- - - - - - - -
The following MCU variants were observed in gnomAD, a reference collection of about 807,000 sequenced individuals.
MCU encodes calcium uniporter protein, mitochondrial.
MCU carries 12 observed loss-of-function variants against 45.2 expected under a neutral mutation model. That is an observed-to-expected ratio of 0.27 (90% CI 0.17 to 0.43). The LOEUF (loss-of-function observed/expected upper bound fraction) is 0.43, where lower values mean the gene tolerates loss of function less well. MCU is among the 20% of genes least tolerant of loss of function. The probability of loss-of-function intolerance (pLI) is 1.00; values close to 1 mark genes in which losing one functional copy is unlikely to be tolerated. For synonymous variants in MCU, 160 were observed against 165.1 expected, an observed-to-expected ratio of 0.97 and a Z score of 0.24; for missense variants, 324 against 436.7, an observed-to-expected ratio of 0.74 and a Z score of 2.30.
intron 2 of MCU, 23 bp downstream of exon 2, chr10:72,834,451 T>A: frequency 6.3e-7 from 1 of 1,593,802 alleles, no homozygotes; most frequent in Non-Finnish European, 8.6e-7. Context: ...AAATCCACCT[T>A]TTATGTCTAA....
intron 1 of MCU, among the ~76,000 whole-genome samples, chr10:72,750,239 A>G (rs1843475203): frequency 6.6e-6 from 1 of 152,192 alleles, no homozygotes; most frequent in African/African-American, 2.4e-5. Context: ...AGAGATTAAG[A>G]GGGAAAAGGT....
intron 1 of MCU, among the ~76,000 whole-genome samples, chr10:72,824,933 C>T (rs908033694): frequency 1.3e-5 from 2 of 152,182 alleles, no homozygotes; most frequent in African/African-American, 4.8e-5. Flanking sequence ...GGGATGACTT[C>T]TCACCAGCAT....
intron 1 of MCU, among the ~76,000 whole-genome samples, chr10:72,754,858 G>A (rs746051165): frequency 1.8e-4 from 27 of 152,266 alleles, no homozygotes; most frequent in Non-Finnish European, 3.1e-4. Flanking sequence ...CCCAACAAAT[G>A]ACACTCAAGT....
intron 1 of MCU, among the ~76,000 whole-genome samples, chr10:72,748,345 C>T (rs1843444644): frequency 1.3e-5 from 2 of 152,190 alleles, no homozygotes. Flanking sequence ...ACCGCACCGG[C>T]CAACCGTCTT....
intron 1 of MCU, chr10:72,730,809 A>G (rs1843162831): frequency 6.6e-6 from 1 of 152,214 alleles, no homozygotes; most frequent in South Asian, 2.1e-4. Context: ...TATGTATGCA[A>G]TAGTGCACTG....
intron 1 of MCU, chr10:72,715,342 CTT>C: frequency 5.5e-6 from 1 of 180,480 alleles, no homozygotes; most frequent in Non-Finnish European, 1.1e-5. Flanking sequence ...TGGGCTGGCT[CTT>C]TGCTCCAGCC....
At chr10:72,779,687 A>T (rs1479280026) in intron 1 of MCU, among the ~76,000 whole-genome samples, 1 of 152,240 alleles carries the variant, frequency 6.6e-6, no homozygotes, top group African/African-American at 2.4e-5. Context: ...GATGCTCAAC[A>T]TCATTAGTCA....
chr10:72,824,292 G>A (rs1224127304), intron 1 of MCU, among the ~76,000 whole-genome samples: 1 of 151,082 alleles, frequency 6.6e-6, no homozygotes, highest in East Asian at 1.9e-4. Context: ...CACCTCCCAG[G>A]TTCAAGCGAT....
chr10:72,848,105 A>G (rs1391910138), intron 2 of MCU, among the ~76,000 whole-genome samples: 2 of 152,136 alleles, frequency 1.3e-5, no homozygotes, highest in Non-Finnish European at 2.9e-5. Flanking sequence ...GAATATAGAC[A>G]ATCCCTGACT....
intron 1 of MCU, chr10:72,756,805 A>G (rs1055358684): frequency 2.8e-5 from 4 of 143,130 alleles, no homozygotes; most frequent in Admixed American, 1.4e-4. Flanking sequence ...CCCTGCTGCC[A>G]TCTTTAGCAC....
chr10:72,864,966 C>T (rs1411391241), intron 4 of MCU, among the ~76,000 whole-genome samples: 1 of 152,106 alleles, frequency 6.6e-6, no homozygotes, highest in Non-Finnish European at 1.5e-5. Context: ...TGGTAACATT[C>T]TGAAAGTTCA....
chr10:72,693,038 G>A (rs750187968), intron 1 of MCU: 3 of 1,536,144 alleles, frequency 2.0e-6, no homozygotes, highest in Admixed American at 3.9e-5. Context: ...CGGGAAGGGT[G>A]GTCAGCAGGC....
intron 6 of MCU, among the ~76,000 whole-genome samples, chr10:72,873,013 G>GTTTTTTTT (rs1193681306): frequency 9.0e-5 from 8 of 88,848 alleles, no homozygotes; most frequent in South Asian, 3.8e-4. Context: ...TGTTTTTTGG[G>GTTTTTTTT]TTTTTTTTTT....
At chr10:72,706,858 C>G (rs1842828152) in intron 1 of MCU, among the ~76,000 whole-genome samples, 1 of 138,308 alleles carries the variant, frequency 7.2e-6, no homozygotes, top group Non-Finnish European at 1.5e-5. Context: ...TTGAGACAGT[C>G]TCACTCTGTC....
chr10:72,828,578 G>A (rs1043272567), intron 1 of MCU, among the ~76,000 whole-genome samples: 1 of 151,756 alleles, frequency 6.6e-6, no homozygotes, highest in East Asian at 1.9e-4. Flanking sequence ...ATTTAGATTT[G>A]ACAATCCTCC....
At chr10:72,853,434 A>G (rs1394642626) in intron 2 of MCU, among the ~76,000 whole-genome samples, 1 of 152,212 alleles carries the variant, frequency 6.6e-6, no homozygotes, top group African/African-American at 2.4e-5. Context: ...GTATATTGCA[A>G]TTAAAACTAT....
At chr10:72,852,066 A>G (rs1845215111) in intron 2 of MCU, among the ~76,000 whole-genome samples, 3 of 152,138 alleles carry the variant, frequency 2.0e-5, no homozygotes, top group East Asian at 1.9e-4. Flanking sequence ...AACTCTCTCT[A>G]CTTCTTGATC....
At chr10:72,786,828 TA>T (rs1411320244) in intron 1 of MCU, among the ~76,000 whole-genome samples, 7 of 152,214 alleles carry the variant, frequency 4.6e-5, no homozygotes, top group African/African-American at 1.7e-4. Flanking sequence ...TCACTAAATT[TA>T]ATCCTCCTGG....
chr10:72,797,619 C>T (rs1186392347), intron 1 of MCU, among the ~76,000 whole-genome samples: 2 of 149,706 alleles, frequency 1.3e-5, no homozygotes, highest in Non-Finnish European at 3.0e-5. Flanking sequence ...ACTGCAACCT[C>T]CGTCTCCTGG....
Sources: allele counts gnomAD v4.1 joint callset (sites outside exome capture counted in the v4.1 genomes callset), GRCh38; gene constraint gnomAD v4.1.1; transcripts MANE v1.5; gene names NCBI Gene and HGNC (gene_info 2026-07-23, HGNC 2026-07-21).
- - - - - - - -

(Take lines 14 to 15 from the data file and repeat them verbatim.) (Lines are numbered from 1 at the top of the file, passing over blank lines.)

intron 1 of MCU, chr10:72,756,805 A>G (rs1055358684): frequency 2.8e-5 from 4 of 143,130 alleles, no homozygotes; most frequent in Admixed American, 1.4e-4. Flanking sequence ...CCCTGCTGCC[A>G]TCTTTAGCAC....
chr10:72,864,966 C>T (rs1411391241), intron 4 of MCU, among the ~76,000 whole-genome samples: 1 of 152,106 alleles, frequency 6.6e-6, no homozygotes, highest in Non-Finnish European at 1.5e-5. Context: ...TGGTAACATT[C>T]TGAAAGTTCA....